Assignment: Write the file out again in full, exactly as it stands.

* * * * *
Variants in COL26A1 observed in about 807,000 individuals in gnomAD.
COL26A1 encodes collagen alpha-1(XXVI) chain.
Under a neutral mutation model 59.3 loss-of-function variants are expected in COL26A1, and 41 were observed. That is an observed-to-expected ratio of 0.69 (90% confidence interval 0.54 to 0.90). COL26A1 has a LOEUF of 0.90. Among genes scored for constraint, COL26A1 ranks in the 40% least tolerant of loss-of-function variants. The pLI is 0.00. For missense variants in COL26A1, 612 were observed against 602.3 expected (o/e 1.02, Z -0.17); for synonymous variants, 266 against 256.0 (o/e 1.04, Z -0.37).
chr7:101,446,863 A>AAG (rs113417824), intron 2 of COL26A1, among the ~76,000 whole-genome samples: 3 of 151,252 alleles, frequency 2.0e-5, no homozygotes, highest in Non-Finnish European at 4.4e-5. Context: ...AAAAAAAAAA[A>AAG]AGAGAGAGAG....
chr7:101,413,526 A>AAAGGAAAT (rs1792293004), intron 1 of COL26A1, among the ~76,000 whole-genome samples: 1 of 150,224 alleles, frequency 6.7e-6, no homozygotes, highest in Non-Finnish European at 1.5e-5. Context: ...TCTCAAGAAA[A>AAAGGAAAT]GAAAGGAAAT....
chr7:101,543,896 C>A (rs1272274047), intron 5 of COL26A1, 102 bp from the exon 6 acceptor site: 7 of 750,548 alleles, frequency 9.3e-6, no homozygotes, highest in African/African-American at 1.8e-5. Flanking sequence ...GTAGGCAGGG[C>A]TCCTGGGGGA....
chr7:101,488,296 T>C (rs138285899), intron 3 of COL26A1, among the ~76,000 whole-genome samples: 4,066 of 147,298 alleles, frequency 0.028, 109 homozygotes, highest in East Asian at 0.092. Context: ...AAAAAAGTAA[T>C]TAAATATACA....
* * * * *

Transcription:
Variants in COL26A1 observed in about 807,000 individuals in gnomAD.
COL26A1 encodes collagen alpha-1(XXVI) chain.
Under a neutral mutation model 59.3 loss-of-function variants are expected in COL26A1, and 41 were observed. That is an observed-to-expected ratio of 0.69 (90% confidence interval 0.54 to 0.90). COL26A1 has a LOEUF of 0.90. Among genes scored for constraint, COL26A1 ranks in the 40% least tolerant of loss-of-function variants. The pLI is 0.00. For missense variants in COL26A1, 612 were observed against 602.3 expected (o/e 1.02, Z -0.17); for synonymous variants, 266 against 256.0 (o/e 1.04, Z -0.37).
chr7:101,446,863 A>AAG (rs113417824), intron 2 of COL26A1, among the ~76,000 whole-genome samples: 3 of 151,252 alleles, frequency 2.0e-5, no homozygotes, highest in Non-Finnish European at 4.4e-5. Context: ...AAAAAAAAAA[A>AAG]AGAGAGAGAG....
chr7:101,413,526 A>AAAGGAAAT (rs1792293004), intron 1 of COL26A1, among the ~76,000 whole-genome samples: 1 of 150,224 alleles, frequency 6.7e-6, no homozygotes, highest in Non-Finnish European at 1.5e-5. Context: ...TCTCAAGAAA[A>AAAGGAAAT]GAAAGGAAAT....
chr7:101,543,896 C>A (rs1272274047), intron 5 of COL26A1, 102 bp from the exon 6 acceptor site: 7 of 750,548 alleles, frequency 9.3e-6, no homozygotes, highest in African/African-American at 1.8e-5. Flanking sequence ...GTAGGCAGGG[C>A]TCCTGGGGGA....
chr7:101,488,296 T>C (rs138285899), intron 3 of COL26A1, among the ~76,000 whole-genome samples: 4,066 of 147,298 alleles, frequency 0.028, 109 homozygotes, highest in East Asian at 0.092. Context: ...AAAAAAGTAA[T>C]TAAATATACA....